Healthcare, which we consider a human right and a means to promote democracy, is another bridge issue. Through a socialist feminist lens, we see that women are the primary caretakers of the ill and infirm in our society. Women also suffer disproportionately from medical bankruptcies. Medicare, which saved countless families from bankruptcy and desegregated hospitals virtually overnight, is an example of what we in DSA call a transformative reform. As socialist feminists, we organize not just to protect the Affordable Care Act (ACA) from the GOP, we fight for Medicare for All.
Fighting for Our Lives
Donald Trump and Paul Ryan have both released healthcare reform plans that would harm millions of people. Unfortunately, one reason they have a political constituency for these attacks is that although the Affordable Care Act is lifesaving for many people, for others, the coverage is terrible. Centrist Democrats don’t have an answer for its problems because they are in thrall to the insurance industry.
This is why DSA fights for Medicare for All, which cuts out the insurance corporations. East Bay DSA is training hundreds of members to canvass for California single-payer legislation. NY DSAers, including in areas such as the Lower Hudson Valley and post-industrial cities such as Buffalo, are beginning to organize for the NY Health Act. Our members are asking tough questions in town halls and local media from coast to coast as they reach out to organize the working-class base we will need to win on this and all our issues. Denying healthcare to millions may be more difficult than the GOP hoped, and we have a shot at single-payer plans in at least a few blue states.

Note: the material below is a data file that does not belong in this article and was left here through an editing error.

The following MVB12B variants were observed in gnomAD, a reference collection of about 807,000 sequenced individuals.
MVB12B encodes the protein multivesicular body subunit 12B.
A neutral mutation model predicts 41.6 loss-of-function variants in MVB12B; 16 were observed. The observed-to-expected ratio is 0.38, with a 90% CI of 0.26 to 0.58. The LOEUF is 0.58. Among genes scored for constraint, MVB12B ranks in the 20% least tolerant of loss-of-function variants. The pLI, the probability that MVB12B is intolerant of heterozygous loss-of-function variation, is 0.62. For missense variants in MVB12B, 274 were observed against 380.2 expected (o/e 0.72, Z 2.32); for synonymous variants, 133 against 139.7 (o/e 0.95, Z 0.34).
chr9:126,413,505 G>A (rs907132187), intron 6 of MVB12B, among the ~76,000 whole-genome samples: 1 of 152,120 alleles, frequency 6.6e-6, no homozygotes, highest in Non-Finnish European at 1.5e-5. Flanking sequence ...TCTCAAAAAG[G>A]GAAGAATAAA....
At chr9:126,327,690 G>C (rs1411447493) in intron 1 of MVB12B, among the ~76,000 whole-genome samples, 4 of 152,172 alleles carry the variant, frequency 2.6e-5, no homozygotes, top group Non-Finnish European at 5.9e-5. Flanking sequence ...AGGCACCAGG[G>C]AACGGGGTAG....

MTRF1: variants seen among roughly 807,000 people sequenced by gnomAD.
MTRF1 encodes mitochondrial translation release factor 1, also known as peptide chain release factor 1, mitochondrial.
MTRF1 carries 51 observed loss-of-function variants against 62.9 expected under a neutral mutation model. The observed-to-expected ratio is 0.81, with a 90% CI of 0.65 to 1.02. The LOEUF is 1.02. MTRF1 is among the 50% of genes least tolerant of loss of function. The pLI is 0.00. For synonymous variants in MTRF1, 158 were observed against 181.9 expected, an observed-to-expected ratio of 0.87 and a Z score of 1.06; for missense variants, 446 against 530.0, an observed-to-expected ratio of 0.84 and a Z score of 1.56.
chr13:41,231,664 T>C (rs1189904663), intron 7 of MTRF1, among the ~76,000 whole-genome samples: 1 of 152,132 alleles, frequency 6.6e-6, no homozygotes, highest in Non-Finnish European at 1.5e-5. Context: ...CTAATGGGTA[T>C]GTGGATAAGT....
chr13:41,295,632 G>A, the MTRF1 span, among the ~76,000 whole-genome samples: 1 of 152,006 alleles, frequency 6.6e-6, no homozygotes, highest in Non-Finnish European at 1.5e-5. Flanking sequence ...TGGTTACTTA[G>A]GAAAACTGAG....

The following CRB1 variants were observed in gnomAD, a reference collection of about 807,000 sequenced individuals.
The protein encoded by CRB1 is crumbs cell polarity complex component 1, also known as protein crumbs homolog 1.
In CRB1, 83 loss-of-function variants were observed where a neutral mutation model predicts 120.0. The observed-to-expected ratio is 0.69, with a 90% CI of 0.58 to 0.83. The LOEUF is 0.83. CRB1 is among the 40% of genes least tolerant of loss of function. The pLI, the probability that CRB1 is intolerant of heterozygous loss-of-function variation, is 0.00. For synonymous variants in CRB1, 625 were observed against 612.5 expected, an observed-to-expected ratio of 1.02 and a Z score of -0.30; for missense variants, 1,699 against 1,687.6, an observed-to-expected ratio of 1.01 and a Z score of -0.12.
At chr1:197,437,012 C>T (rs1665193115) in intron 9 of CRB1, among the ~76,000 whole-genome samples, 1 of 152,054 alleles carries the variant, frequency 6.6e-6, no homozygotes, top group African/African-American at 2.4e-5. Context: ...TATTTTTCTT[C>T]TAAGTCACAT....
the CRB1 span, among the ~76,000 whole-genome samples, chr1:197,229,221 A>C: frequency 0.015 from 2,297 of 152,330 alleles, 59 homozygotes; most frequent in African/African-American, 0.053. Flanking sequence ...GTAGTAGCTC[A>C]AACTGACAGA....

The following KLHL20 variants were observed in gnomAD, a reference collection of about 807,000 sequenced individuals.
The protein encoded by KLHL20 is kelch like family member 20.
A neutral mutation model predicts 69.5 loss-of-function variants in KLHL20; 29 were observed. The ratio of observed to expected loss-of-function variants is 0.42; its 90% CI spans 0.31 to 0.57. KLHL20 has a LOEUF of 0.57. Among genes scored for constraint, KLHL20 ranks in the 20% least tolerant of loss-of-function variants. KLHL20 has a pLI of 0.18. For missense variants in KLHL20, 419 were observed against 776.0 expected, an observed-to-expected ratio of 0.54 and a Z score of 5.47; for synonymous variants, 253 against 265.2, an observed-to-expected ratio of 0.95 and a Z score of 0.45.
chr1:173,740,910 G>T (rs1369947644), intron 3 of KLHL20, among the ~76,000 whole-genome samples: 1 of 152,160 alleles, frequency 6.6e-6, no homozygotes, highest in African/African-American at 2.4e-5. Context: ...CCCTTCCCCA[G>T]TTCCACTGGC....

The healthcare fight is a clear example of the “simultaneous defensive and offensive and ideological” strategy DSA pursues, one that should be seen through a socialist feminist lens. It’s not going to be easy, which is why we need to think about “resistance fatigue.”
Training Long Distance Runners
In the capitalist patriarchy, women are socialized to bear the unpaid burden of sustaining families and communities. Capitalism pulls us apart, isolates us, and forces us to compete, breaking down the social bonds that hold us together. In this moment, when we are dealing with extreme fear in many communities and near-constant activism, women often do additional emotional labor to heal, or at least keep at bay, the pain and exhaustion many of us feel.
Being socialist feminists means recognizing the importance of that work and learning to share that burden. It means never forgetting that we’re in this fight to link arms with each other and stand together across the walls that capitalism puts between us. We’re in this to build democratic socialist community. We’re in it for the long haul, and we’re in it to win.
|Maria Svart is the national director of the Democratic Socialists of America.|
This article originally appeared in the Spring 2017 issue of the Democratic Left magazine.
Individually signed posts do not necessarily reflect the views of DSA as an organization or its leadership. Democratic Left blog post submission guidelines can be found here.